Lori Loughlin Gets Two Months in Prison for College Scam

“Full House” actor Lori Loughlin was sentenced to two months in prison for conspiring with her husband to pay $500,000 in bribes to get their daughters into the University of Southern California as phony athletic recruits.

The actor’s husband, clothing designer Mossimo Giannulli, was sentenced to five months in prison at a separate hearing earlier on Friday in federal court in Boston. The sentences were in line with a plea deal the couple reached with prosecutors in May.

U.S. District Court Judge Nathaniel Gorton ordered Loughlin to report to prison by Nov. 19.

Loughlin, whose lawyer said she became the “undisputed face of the national scandal,” expressed remorse for her actions. Her voice broke at times and she struggled to hold back tears as she addressed the judge.

“I made an awful decision,” she said. “I allowed myself to be swayed from my moral compass. That realization weighs heavily on me. I have great faith in God and I believe in redemption. Your honor, I am truly and deeply and profoundly sorry. I am ready to face the consequences and make amends.”

‘Fairy Tale Life’

Gorton criticized Loughlin for resorting to crime despite her wealth and success. “Here you are, an admired successful professional actor with a long-lasting marriage, two apparently healthy resilient children, more money than you could possibly need, a beautiful home in sunny Southern California -- a fairy tale life,” the judge said. “Yet you stand before me a convicted felon.”

Loughlin was motivated “to have whatever prestige and instant gratification that comes from being able to show off the admission of your daughters to a preferred university,” he said sternly. “To that end, you participated in the corruption of the system of higher education in this country.”

Her lawyer William Trach said Loughlin had already paid dearly for her role in the scandal. She was fired from multi-year film and television deals with Warner Bros. and the Hallmark Channel, leaving the acting career she spent 40 years building in ruins, he said. She and her family have also been stalked by paparazzi and have had to hire security for their daughters.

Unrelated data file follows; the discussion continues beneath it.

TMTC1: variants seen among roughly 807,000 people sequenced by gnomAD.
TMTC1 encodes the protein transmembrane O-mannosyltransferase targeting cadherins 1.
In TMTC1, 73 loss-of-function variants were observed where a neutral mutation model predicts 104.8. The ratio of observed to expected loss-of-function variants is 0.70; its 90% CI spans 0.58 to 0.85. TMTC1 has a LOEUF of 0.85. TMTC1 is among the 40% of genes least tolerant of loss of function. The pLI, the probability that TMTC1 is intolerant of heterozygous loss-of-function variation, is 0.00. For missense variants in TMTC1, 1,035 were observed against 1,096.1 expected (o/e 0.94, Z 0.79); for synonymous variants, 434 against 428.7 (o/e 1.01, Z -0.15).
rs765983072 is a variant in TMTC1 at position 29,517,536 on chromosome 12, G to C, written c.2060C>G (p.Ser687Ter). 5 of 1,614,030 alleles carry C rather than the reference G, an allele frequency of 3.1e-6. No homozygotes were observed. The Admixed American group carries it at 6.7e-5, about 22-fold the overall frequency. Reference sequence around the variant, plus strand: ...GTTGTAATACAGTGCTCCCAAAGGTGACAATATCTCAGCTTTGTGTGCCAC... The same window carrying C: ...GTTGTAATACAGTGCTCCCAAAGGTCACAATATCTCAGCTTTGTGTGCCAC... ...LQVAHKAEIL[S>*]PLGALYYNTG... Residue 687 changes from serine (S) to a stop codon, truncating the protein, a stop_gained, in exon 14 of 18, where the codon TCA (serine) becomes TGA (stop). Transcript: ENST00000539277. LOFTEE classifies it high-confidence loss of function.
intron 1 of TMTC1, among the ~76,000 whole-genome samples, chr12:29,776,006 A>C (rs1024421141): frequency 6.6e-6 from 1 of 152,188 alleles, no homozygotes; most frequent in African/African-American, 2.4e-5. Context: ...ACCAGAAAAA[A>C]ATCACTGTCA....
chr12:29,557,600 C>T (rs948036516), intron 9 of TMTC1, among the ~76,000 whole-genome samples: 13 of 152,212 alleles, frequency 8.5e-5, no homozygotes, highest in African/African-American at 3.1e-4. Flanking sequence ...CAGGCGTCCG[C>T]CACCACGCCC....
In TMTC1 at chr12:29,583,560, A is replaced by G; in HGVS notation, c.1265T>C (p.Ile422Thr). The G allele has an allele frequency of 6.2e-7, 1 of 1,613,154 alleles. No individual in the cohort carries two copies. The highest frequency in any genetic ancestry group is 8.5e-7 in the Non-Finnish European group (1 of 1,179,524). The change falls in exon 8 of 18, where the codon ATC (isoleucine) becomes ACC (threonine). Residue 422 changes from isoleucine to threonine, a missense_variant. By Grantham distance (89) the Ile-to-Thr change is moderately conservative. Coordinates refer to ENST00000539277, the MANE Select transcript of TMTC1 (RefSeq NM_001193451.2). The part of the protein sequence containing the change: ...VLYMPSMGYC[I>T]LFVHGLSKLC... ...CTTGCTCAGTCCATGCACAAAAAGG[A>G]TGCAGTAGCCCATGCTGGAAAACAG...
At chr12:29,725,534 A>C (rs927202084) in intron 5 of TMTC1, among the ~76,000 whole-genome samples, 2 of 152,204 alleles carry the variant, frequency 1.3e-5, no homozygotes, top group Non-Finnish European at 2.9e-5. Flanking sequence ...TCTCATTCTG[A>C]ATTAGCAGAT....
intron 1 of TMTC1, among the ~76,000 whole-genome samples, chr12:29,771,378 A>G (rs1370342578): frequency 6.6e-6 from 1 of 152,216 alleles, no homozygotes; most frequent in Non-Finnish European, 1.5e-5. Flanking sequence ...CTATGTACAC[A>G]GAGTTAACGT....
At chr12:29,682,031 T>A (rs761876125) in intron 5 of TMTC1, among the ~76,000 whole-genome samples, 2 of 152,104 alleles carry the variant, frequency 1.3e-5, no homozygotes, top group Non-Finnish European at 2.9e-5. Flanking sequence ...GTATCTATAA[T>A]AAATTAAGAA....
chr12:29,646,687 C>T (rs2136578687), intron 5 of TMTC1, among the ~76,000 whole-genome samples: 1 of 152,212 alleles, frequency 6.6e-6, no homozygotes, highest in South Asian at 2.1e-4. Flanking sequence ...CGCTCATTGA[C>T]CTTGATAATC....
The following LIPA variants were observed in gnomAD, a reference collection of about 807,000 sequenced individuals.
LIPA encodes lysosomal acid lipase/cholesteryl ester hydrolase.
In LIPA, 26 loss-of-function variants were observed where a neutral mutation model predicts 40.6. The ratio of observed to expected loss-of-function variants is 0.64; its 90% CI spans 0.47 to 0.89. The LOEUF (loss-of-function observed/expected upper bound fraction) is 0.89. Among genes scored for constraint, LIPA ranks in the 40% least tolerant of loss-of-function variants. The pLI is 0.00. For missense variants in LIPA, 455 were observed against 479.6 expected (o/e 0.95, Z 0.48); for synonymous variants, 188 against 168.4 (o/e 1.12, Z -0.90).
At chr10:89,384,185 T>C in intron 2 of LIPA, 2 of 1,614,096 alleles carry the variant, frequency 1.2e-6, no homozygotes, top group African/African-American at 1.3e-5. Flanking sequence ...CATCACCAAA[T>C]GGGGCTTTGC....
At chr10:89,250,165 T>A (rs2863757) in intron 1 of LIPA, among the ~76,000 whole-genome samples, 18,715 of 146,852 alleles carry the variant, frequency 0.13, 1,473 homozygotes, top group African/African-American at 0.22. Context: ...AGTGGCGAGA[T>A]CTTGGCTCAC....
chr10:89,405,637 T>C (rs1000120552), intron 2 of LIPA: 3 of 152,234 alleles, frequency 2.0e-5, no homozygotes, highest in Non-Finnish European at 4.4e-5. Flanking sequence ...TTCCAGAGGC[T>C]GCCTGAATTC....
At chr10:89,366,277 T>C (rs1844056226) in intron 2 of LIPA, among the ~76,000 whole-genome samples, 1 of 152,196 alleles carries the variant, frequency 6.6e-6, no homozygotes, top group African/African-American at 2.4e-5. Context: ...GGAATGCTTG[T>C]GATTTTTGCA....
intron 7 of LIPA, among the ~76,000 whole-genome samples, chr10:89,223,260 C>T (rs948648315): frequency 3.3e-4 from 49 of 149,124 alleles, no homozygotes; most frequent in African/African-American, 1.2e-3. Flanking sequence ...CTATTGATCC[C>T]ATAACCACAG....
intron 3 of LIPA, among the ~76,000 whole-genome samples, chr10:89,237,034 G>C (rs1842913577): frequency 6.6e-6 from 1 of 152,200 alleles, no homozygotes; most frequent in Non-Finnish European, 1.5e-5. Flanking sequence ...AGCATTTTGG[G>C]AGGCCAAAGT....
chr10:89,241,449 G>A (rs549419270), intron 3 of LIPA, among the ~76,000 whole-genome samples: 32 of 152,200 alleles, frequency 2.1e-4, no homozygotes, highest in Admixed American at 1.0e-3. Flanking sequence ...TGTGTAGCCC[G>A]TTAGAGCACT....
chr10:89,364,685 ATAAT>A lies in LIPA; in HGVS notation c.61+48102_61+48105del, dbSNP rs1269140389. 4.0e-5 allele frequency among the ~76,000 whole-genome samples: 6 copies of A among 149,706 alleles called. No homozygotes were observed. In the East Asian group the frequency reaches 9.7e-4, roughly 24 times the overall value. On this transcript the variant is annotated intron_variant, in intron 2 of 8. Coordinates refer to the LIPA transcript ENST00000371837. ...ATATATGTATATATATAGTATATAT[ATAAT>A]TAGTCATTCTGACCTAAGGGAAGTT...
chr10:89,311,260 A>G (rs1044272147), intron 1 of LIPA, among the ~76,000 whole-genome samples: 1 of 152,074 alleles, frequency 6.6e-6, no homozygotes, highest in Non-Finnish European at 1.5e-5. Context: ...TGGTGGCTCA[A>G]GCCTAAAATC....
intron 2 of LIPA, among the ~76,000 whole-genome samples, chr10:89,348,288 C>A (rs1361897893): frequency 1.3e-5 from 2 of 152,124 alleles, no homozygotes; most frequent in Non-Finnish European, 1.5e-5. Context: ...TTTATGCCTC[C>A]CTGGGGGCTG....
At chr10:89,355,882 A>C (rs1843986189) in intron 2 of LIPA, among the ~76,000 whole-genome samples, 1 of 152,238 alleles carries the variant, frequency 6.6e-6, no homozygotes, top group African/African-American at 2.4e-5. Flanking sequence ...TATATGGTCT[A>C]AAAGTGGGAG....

“No other defendant has landed in the crosshairs of this scandal close to anything approaching what Laurie experienced,” Trach said.

The Los Angeles-based couple are among more than 50 people charged in the scheme, which the U.S. says was masterminded by college counselor William “Rick” Singer. Of the 38 parents charged, 28 have pleaded guilty, receiving sentences ranging from the two weeks imposed on “Desperate Housewives” star Felicity Huffman to the nine-month term and $750,000 fine handed down to former Pimco chief Doug Hodge.

The first trial of two sets of parents who are still fighting the charges is scheduled to start early next year.

Rowing Recruits

Loughlin and Giannulli admitted making illicit payments disguised as “donations” to USC athletic funds and to a nonprofit operated by Singer. In exchange, their daughters were designated recruits for the rowing team and given preferential admission.

Prosecutors said Loughlin “steamrolled” an honest high school guidance counselor at the Los Angeles school the daughters attended. Both she and Giannulli encouraged their daughters to pose for staged pictures on rowing equipment as part of the scheme, according to prosecutors.

As with Loughlin, Gorton slammed Giannulli for resorting to crime despite coming from a privileged background. The judge said imprisonment was merited to “dissuade and deter anyone else in your position who thinks that because they have enough money to do anything they want and flout the law and buy their kids’ way into college. That’s not the way it works in this country.”

The couple spent months fighting the charges after they were filed in March 2019, claiming they believed they were making legitimate donations. They agreed to plead guilty after Gorton rejected their bid to dismiss the case in May. Under a brokered plea deal, the U.S. agreed to drop more serious charges, including a money-laundering count, and recommend a two-month sentence for Loughlin and five months for Giannulli.

Giannulli agreed to a stiffer sentence because he was more involved in the scheme, prosecutors said, but Loughlin was also an eager participant. The actor warned her younger daughter in an email not to talk to her guidance counselor about how she was getting into USC as a crew recruit because “it might be a flag for that weasel.”

©2020 Bloomberg L.P.

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